More than 17 years after Two Rooms, a pair of new albums reinterpret Elt and Bern with a new generation of A-listers. Taupin is behind Restoration, featuring Nashville stars countrifying the catalogue, while John invited his showbiz pals to fill Revamp.
When it’s good, Revamp is very good. When it’s bad, it’s awful. And in between there’s the requisite amount of anonymous competence. Sad to say, the track with Elton’s involvement is the worst – an extremely state-of-the-chart version of Bennie and the Jets led by Pink, with a wholly unnecessary rap from Logic (“Serving food and writing rhymes / For Elton John, the greatest of all time”).
The very good songs might come as more of a surprise. Ed Sheeran takes Candle in the Wind and plays it as a gentle country lope, with luscious backing vocals. The phrasing is sometimes odd, but it makes something wildly familiar sound fresh, a triumph in itself. Alessia Cara’s I Guess That’s Why They Call It the Blues, driven by a Fender Rhodes, loses the blowsiness of the original and becomes a convincing piece of country soul. And Q-Tip and Demi Lovato give Don’t Go Breaking My Heart a compellingly bouncy, funky reinvention, proving that melodies as good as these really are hard to ruin.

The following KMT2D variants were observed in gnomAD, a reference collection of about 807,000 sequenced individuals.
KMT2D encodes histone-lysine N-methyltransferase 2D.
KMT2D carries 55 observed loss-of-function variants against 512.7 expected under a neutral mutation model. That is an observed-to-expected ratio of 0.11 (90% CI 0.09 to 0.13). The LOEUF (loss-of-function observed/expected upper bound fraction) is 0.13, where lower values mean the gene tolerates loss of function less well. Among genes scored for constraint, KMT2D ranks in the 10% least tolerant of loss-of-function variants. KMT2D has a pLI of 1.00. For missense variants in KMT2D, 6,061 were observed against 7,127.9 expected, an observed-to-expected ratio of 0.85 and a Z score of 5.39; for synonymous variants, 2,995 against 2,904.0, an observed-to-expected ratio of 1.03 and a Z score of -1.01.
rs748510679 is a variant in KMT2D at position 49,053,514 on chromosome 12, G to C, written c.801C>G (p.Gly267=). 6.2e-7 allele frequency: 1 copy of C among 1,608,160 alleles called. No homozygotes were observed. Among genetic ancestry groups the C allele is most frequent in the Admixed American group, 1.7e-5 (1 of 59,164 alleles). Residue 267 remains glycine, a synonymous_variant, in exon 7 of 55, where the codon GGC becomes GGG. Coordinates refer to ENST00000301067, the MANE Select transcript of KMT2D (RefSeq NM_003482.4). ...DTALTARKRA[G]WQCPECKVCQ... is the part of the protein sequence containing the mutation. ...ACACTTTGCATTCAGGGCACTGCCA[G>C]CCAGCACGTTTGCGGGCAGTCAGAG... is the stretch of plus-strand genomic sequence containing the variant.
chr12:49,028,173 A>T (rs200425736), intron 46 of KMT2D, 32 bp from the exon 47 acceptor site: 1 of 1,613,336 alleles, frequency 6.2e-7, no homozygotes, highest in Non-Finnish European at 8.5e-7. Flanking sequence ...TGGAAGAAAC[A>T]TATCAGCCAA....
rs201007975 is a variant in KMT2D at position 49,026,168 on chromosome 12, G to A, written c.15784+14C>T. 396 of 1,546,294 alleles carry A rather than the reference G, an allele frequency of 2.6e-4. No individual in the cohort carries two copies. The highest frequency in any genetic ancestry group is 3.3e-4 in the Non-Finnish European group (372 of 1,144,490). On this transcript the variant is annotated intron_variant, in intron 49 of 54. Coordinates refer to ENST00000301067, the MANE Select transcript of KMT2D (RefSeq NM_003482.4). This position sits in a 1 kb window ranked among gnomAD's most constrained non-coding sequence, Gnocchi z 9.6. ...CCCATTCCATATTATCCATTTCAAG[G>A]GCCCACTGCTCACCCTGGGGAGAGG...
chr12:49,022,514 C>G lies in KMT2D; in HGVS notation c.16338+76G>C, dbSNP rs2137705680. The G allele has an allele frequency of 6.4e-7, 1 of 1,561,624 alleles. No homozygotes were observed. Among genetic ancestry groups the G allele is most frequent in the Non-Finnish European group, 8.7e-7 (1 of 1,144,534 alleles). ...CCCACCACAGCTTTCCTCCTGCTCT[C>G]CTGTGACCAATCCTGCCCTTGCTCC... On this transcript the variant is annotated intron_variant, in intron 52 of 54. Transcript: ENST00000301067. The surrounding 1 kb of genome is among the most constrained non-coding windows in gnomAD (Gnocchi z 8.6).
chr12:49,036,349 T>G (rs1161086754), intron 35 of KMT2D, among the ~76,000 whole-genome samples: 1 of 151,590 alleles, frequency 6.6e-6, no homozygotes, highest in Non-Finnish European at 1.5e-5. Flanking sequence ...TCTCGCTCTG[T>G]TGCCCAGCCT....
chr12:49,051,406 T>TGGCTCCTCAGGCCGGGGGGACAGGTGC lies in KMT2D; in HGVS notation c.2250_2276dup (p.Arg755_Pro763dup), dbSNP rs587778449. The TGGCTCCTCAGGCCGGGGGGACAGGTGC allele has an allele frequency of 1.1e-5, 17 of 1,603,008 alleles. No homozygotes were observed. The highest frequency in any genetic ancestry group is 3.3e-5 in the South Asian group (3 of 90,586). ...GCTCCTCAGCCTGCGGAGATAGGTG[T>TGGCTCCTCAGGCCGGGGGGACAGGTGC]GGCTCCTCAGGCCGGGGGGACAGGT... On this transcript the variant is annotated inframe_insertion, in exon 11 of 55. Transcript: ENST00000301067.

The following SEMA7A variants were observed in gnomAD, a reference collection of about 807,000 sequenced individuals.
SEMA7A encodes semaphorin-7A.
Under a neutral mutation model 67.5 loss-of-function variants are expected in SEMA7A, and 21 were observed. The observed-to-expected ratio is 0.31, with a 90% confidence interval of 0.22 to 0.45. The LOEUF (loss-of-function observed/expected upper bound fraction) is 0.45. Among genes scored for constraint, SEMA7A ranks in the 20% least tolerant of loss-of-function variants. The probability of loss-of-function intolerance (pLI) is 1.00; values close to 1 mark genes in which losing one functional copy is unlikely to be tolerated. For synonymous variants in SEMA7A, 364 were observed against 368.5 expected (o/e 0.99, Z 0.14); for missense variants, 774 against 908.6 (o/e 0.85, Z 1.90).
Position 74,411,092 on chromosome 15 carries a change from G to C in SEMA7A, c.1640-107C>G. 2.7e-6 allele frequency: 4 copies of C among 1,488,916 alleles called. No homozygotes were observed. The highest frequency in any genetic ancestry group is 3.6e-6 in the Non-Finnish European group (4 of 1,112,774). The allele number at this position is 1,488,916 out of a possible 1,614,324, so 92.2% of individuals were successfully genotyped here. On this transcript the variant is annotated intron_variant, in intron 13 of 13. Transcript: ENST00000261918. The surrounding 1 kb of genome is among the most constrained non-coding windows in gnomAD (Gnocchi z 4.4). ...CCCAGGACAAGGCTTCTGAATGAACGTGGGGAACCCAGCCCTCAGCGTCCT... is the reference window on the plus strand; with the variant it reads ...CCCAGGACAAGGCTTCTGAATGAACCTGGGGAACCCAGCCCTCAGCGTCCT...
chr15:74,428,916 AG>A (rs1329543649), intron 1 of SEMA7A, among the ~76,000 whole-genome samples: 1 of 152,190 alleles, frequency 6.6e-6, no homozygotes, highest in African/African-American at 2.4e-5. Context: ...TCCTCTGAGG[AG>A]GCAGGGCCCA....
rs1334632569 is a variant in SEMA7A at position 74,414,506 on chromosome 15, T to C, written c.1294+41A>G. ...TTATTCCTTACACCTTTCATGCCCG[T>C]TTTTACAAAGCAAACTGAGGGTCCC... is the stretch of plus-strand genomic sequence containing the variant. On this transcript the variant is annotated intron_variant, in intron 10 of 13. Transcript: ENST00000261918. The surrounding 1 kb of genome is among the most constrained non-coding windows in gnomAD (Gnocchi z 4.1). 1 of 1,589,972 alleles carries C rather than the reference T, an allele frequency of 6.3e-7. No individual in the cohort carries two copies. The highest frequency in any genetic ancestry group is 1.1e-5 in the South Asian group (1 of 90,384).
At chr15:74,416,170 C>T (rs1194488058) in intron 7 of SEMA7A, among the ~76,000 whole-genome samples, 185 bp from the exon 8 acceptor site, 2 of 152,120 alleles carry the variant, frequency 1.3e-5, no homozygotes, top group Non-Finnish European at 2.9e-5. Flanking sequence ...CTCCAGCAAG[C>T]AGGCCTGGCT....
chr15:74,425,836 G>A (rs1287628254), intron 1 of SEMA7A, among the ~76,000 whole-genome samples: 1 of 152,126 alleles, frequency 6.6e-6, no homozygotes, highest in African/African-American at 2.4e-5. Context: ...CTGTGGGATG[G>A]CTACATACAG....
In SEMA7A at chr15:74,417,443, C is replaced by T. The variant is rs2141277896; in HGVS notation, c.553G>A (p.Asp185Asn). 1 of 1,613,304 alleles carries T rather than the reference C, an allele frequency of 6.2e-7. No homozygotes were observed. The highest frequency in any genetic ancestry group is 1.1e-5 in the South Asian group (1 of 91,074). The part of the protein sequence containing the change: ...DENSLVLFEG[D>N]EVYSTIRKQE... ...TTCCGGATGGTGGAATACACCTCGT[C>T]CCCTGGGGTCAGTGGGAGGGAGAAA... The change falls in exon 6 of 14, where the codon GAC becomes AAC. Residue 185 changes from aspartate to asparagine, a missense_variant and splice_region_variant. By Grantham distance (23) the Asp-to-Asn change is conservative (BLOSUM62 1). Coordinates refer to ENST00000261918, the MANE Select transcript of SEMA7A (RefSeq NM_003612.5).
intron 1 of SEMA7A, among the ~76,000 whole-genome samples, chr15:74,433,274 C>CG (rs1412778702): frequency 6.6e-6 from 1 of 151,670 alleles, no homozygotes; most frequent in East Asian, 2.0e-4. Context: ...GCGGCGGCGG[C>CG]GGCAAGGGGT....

Into the pointless pile go the Killers, whose Brandon Flowers sounds uncannily like 70s Elton; Lady Gaga, who seems determined to erase all hint of subtlety from Your Song, and Queens of the Stone Age, who let their 70s fixation get the better of them and are simply too reverent, which may be the first time one could say that of Josh Homme.